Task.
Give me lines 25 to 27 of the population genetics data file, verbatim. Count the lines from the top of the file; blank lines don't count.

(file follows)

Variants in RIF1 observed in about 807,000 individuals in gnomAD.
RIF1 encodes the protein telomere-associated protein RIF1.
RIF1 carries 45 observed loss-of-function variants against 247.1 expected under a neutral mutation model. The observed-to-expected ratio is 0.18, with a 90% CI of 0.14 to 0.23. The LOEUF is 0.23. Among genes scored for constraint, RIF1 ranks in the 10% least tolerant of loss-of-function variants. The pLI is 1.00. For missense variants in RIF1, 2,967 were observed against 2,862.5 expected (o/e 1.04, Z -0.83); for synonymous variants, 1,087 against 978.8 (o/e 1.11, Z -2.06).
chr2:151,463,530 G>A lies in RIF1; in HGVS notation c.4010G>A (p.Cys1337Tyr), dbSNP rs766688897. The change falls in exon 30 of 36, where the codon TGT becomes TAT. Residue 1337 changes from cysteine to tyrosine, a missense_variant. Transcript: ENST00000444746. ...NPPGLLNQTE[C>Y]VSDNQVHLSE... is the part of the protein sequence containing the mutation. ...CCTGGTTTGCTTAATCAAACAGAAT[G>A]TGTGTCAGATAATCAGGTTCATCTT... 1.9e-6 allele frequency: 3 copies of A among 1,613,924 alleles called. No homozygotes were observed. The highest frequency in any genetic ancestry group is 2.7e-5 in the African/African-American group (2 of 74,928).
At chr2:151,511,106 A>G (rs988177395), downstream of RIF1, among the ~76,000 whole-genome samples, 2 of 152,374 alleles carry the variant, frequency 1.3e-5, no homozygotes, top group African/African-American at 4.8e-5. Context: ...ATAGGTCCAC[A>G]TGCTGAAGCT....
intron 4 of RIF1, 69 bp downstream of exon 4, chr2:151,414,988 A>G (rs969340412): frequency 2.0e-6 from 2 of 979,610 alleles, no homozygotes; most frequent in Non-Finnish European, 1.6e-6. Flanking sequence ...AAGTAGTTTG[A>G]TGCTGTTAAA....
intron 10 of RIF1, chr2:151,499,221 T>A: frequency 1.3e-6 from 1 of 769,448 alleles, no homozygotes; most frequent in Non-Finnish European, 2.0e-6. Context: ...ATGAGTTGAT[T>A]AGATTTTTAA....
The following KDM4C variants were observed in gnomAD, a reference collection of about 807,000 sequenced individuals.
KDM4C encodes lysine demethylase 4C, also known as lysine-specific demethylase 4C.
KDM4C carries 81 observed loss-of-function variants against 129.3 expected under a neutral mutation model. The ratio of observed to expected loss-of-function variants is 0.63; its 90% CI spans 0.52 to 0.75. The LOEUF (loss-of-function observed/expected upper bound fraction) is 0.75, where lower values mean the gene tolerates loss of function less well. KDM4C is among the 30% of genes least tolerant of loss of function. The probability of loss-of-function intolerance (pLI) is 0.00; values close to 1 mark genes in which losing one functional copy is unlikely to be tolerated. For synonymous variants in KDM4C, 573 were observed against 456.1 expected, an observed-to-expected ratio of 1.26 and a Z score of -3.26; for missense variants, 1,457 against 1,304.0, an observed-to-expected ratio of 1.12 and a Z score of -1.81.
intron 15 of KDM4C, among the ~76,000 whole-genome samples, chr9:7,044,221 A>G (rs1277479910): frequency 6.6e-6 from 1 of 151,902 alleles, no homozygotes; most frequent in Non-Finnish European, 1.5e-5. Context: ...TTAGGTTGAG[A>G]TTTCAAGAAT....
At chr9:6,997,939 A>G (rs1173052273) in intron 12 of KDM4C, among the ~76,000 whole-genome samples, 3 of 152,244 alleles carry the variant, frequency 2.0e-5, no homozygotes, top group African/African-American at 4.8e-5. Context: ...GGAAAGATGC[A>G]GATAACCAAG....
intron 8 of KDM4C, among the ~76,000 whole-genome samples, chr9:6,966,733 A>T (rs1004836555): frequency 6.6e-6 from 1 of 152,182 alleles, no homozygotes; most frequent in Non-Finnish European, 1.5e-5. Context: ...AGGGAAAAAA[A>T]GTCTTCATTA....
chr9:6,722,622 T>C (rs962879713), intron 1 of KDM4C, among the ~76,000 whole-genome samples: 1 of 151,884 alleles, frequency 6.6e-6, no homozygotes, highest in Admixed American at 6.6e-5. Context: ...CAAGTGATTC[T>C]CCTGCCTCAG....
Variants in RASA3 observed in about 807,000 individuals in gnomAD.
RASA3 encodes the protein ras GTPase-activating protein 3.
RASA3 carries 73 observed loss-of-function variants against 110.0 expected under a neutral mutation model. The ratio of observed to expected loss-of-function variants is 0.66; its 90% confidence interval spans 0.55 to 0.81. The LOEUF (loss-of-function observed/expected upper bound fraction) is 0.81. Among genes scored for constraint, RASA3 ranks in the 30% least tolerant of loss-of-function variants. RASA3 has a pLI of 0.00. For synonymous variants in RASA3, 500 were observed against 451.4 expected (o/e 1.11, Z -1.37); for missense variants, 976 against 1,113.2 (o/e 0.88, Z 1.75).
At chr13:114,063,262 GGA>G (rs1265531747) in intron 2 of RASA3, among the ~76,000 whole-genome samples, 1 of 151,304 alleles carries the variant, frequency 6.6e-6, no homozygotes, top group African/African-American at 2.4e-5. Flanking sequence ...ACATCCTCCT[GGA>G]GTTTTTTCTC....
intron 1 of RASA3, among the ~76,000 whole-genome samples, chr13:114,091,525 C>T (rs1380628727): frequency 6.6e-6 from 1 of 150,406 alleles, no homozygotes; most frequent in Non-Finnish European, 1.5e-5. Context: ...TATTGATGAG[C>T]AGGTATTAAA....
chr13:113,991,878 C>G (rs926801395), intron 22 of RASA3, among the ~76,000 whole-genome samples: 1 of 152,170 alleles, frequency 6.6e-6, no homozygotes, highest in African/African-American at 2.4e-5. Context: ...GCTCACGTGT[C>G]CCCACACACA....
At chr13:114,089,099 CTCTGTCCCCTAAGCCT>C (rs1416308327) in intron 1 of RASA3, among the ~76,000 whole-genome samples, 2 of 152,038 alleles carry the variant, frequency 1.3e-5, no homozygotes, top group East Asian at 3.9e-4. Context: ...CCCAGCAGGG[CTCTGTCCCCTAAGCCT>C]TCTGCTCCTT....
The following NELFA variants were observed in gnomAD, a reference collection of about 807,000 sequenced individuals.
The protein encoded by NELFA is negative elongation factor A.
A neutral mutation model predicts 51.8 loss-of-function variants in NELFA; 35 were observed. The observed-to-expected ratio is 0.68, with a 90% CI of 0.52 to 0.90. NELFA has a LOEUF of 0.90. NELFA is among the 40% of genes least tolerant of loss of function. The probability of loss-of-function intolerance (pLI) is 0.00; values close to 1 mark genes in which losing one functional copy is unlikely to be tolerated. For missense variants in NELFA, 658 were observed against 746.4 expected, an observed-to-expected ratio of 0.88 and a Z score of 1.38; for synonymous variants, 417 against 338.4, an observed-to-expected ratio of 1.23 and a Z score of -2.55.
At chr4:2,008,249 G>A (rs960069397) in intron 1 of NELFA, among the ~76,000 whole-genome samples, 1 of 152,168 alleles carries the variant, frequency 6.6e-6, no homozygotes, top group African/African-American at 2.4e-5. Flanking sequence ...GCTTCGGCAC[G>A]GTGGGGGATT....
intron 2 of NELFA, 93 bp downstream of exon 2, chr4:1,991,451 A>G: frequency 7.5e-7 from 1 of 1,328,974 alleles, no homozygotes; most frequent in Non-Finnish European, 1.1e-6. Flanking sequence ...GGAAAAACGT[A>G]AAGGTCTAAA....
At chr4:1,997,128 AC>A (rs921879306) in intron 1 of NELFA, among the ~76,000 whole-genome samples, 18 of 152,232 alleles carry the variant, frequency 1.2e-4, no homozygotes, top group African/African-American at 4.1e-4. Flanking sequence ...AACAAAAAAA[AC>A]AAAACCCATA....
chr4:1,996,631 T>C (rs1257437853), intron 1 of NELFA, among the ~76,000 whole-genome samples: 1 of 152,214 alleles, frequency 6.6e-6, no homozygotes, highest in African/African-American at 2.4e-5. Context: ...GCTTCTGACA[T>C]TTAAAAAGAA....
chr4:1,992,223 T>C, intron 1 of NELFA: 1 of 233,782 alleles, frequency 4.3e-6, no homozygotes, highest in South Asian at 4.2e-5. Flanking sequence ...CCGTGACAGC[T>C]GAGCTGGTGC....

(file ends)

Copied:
At chr4:2,008,249 G>A (rs960069397) in intron 1 of NELFA, among the ~76,000 whole-genome samples, 1 of 152,168 alleles carries the variant, frequency 6.6e-6, no homozygotes, top group African/African-American at 2.4e-5. Flanking sequence ...GCTTCGGCAC[G>A]GTGGGGGATT....
intron 2 of NELFA, 93 bp downstream of exon 2, chr4:1,991,451 A>G: frequency 7.5e-7 from 1 of 1,328,974 alleles, no homozygotes; most frequent in Non-Finnish European, 1.1e-6. Flanking sequence ...GGAAAAACGT[A>G]AAGGTCTAAA....
At chr4:1,997,128 AC>A (rs921879306) in intron 1 of NELFA, among the ~76,000 whole-genome samples, 18 of 152,232 alleles carry the variant, frequency 1.2e-4, no homozygotes, top group African/African-American at 4.1e-4. Flanking sequence ...AACAAAAAAA[AC>A]AAAACCCATA....